Calling Pizza ubiquitous would be a disservice. As the picture above shows, even in the deepest parts of Asia, Italy's food ambassador has made it's way. Here in our beloved city Atlanta, Pizza has become a flat out armeggedon. Of course we have a plethora of Dominoe's, Pizza Huts, and Papa Johns, but who outside of a university campus (age) truly enjoys these fast food renditions. We also have adult chains, California Pizza Kitchen and several others that offer grown up toppings fired in wood burning ovens. Recently, however, there has been a flood of entries into our favorite category, the independent operator.

The hype on Atlanta Pizza reached an ear deafening crescendo with Antico Pizza Napolitana. This place must have the most brilliant PR firm seizing on all things social media. APN has had over 400 people extole their opinions on Urban Spoon alone. Their pies are ridiculously expensive (20-28$) and must either be carried out, or consumed in the kitchen tables, or one communal table outfitted with those over achieving brown paper towels one usually finds in the rest area rest rooms. Their claim to fame is noteworthy; authentic wood fired ovens reaching over 800 deg F, ingredients sourced directly from Italy, and certification from Italy's most prestigious pizza authority. Their website is even in Italian with an Italian domain (.it). San Marzano tomatoes are supposedly used, and buffala mozzarella is brought in fresh from the motherland. And the Pizza? Certainly authentic. When TFL first visited, the pies were delicious and cooked to perfection. Subsequent visits have revealed the restaurant is eating it's own hype. Word on the street is the fresh imported buffala has been replaced by a frozen domestic product, and the pizzas have become soggy and seemingly undercooked. We guess when the line is out the door, customers eager to drop $25 on a pizza and some branded bottled from the N GA mountains, you better move the product through the kitchen as fast as possible.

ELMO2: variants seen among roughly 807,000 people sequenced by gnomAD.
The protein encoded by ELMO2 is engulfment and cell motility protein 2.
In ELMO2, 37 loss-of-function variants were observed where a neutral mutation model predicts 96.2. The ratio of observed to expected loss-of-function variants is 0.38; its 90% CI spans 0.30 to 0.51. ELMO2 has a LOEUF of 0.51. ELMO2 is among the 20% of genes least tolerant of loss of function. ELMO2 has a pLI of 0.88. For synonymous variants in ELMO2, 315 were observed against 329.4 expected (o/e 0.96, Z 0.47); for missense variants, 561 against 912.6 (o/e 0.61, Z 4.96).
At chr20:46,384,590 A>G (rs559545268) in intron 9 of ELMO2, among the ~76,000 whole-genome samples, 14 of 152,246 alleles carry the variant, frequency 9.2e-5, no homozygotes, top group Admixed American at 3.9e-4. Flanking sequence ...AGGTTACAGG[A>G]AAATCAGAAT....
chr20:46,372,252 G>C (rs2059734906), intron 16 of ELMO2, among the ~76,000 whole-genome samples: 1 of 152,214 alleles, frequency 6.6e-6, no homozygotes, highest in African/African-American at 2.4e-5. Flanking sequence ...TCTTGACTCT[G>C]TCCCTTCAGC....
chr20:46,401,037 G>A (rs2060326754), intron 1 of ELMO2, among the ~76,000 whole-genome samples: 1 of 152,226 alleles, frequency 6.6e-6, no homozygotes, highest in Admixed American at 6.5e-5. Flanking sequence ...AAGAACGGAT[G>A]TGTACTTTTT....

In the past year, there has been many other notable entries into the pizza war:

Varasanos. This guy made pizza in his home oven for ten years before opening his first restaurant. Again authentic, but the overuse of fresh mozzarella creates a soggy pie.
Max's of Atlanta. This is from the conglamerate Concentrics. Coal Fired, unique for sure, and great for our downtown scene.
Hearth. This is brought to you from the team that created Azios to be a more family friendly place (read suburbia).
Maddios. Again another location created by fast casual phenoms behind Moe's Southwest Grill. A Good Pie, that is made fast and fresh right in front of you.

We at TFL, have had a favorite pizza place that has remained unchanged for the past 5+ years.... Baraonda. This place is run by an Italian husband, and a Dunwoody wife (insert your own punchline here). We believe this is the best and most authentic pizza in Atlanta. The crust is always charred just right, crispy on the crust, toothy in the center. The sauce is perfection, light enough to not overpower, balanced perfectly between sweet and acidic. While the cheese is not buffala, it is a well made product. The salads and sandwiches here are great, but the pizza is the star! This same owners have recently opened Publik attached to the Fox Theater, and will soon open Baroni in Wolfgang Puck's old Express location in SoBu (South Buckhead). If they continue to offer the simple, fresh, and authentic fare in the new places as they have done at Baraonda, then success will surely follow.

FYI: TFL judges all pizza restaurants by tasting the simple cheese pizza (usually referred to as Marghareita), and several of the house created combinations.  We feel this gives insight to the authenticity, while allowing the creativity of the individual operator to appear.